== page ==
Monday, May 29, 2006

Big 5 personality traits and CHC intelligence theory: Lets hear it for being old and cantankerous!

The following is a post by the blogmaster (Kevin McGrew), who is also a member of IQs Corner Virtual Community of Scholars project.

In the mind of most quantoid psychometricians, CHC intelligence theory (aka, Gf-Gc theory) and the Big 5 Personality Theory are the most empirically sound and comprehensive taxonomies of human intelligence and personality. The relations between the Big 5 personality traits and select CHC broain domains (particularly Gf and Gc) have been actively studied during the past decade. However,much of this personality-intelligence relationship research has suffered from model specification error -- the failure to include important constructs in the empirical model being tested. Most personality-intelligence research has suffered from a narrow focus on only a small portion of the complete CHC human cognitive ability taxonomy (namely, Gf and Gc).

Thus, it was a pleasant surprise when I ran across the article below in my weekly search of literature. Baker and Bischsel (in press) investigated the relations between the Big 5 personality traits and the major broad CHC domains (as measured by the --note--WJ III conflict of interest disclosure required...I'm a coauthor of the WJ III). Not only did these investigators link the best cognitive and personality theories, they did so in a relatively large sample of 381 adults that was divided into developmentally-based subgroups of adults.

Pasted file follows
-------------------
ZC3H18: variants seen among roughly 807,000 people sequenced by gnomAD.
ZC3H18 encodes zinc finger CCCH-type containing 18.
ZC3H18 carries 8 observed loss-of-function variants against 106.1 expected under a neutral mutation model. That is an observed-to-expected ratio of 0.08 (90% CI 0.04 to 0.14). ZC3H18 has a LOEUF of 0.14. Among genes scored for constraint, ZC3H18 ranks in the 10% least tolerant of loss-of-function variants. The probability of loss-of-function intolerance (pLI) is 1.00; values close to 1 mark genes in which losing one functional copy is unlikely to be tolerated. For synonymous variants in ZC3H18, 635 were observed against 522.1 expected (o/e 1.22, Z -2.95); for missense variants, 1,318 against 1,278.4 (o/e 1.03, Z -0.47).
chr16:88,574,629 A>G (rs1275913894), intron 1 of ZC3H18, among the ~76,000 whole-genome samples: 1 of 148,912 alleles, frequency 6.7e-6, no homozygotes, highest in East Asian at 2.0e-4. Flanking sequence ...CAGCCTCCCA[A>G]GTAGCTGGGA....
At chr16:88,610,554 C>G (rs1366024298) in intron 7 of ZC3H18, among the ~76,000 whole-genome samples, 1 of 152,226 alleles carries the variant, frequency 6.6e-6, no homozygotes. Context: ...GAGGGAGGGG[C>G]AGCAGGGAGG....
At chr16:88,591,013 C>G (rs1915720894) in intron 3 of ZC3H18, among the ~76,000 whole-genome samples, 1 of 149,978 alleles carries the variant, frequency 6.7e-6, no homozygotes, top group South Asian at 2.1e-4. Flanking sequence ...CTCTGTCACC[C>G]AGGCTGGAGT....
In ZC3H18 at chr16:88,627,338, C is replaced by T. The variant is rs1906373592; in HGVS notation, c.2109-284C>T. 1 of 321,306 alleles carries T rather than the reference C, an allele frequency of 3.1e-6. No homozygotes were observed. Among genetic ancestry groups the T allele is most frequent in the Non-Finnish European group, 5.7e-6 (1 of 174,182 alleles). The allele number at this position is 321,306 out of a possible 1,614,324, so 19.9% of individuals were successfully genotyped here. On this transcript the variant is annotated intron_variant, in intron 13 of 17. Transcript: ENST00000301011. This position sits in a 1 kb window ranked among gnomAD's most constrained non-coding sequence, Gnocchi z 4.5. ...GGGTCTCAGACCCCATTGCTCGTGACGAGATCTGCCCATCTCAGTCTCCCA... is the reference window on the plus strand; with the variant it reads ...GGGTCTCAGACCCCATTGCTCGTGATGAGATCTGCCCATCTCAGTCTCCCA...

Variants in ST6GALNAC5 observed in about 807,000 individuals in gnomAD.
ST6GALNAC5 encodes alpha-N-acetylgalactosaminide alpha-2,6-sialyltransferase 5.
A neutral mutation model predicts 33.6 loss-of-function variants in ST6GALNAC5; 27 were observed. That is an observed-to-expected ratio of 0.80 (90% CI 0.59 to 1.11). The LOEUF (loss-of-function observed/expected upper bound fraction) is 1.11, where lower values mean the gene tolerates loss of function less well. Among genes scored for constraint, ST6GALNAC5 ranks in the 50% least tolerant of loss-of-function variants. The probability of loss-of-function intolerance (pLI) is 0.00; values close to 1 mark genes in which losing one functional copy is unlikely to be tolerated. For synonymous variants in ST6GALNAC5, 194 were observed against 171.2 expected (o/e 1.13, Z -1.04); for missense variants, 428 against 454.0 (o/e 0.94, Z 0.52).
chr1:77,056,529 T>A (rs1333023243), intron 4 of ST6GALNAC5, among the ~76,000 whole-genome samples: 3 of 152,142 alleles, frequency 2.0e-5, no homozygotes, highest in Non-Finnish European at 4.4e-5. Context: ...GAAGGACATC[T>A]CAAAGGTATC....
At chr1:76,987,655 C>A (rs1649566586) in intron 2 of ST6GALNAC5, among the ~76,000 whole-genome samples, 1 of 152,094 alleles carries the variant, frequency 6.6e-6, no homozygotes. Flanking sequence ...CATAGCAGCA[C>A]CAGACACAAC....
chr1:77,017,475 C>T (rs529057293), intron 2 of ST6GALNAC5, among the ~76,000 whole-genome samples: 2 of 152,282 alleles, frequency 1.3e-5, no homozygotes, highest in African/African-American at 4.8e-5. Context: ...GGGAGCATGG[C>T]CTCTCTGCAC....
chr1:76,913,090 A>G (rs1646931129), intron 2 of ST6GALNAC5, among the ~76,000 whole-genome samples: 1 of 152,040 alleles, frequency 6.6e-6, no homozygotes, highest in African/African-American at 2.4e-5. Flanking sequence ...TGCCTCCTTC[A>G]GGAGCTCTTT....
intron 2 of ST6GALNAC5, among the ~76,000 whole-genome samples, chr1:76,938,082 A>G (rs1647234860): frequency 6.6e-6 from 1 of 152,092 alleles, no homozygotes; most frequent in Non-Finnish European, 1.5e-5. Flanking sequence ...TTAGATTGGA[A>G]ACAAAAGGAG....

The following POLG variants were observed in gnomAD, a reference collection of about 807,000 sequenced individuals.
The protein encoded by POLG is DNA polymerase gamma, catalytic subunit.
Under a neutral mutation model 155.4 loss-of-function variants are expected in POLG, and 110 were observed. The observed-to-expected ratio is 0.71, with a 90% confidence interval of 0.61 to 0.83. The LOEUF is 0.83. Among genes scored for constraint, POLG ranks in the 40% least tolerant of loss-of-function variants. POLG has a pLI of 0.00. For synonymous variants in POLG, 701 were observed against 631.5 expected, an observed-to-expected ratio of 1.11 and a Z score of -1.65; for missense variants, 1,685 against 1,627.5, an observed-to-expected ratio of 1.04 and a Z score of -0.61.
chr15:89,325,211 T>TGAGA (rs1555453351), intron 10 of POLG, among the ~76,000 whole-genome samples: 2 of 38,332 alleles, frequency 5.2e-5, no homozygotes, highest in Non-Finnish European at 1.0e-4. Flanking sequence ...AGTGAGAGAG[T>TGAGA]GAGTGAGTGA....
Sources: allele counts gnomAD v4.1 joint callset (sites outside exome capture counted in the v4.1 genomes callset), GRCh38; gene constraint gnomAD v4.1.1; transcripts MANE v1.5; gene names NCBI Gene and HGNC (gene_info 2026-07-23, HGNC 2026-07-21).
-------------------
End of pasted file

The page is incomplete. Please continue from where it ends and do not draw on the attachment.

Not surprisingly, given the greater breadth of cognitive traits investigated and the ability to examine relations across different adult subgroups, this study confirms some prior findings, but more importantly, suggests some new personality-CHC trait relations previously not investigated or, which appear to vary as a function of adult developmetal status. I particularly like the finding that being more disagreeable in old age is associated with higher Gc. Maybe being a bit cantankerous late in life is a good deal !
  • Baker, T. J. & Bichsel, J. (in press). Personality predictors of intelligence: Differences between young and cognitively healthy older adults. Personality and Individual Differences. (click here to view)
  • Previous investigations of personality–intelligence relationships have sampled mainly young adults. The present study compared young and older groups in identifying personality predictors of cognitive abilities. A sample of 381 adults was administered the Woodcock–Johnson III Tests of Cognitive Abilities and the Big Five Inventory-44. Participants were separated into three groups: young adults (aged 19–60), older adults that were cognitively comparable to the young, and cognitively superior older adults. Results indicated that Openness and Extraversion predicted cognitive abilities in the young and cognitively comparable old, but the specific abilities predicted were different for the two groups. In the cognitively superior older group, Agreeableness was a negative predictor of Gc (b= -.28) and Conscientiousness and Openness were predictors of short-term memory and visual and auditory processing.

Select excerpts from article